If an employer changes a worker's schedule with less notice, it must give the worker an hour of "predictability pay" at the regular wage rate. If an employer cancels or reduces hours within 24 hours of the start of a previously scheduled shift, it has to pay workers half of what they would have made had they worked.
The ordinance does not prevent workers from trading shifts or requesting changes to their schedule. Employers can also change an employee's hours without penalty when it is mutually agreed upon in writing.
The ordinance includes a "right to rest" provision that gives employees the right to decline work hours that start less than 10 hours after the end of a shift. If an employer doesn't get written consent from workers willing to work such shifts, it has to pay them time and a quarter.
The law also requires that employers offer existing part-time workers extra hours before hiring new people, meant to address underemployment that makes it hard for low-wage workers to make ends meet. If part-time workers decline the extra hours, employers must offer those hours to temporary or seasonal workers before hiring people.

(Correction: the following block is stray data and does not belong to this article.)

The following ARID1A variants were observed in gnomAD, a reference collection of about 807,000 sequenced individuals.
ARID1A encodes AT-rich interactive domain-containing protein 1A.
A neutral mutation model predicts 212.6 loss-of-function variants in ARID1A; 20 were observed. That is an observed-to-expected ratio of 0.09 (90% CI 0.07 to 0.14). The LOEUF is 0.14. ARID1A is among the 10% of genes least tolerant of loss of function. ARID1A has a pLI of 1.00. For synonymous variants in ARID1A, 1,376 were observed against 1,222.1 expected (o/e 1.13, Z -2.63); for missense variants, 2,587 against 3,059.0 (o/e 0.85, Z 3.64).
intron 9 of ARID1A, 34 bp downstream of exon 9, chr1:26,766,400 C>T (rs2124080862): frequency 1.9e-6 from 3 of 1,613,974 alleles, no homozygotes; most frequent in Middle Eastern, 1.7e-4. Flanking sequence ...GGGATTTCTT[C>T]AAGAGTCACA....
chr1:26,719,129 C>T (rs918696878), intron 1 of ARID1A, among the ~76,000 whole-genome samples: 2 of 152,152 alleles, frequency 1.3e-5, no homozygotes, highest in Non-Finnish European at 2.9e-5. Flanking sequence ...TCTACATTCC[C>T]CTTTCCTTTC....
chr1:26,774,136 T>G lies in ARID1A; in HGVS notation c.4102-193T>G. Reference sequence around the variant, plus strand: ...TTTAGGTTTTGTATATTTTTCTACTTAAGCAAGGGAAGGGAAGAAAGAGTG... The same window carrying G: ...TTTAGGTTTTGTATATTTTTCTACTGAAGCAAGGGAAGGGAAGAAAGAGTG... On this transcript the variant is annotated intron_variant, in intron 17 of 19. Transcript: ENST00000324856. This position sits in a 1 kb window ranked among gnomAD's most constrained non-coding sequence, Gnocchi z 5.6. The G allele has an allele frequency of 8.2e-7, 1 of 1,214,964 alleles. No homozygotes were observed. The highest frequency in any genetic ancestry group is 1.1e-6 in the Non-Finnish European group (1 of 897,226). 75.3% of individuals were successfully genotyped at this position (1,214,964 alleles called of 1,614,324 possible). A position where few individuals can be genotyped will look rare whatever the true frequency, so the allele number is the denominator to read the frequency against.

Violations carry fines of $300 to $500 per offense. The law is enforced by the newly created Office of Labor Standards, which also enforces the city's minimum wage and paid sick leave laws.
Why a delay was sought
Trade associations representing affected businesses asked the city in March to delay implementation of the ordinance by six months, as the pandemic disrupted their ability to properly prepare, said Tanya Triche Dawood, vice president and general counsel of the Illinois Retail Merchants Association.
Many businesses must put in place electronic scheduling systems to keep track of workers' hours, but some were forced to close and haven't been able to train managers on the systems, she said.
As businesses start to reopen, uncertainty remains about what kind of staffing will be needed given continued consumer wariness and the possibility that workers, or someone they live with, will fall ill, she said.
Bob Reiter, executive director of the Chicago Federation of Labor, said concerns about electronic scheduling systems are overblown because businesses will bring workers back slowly.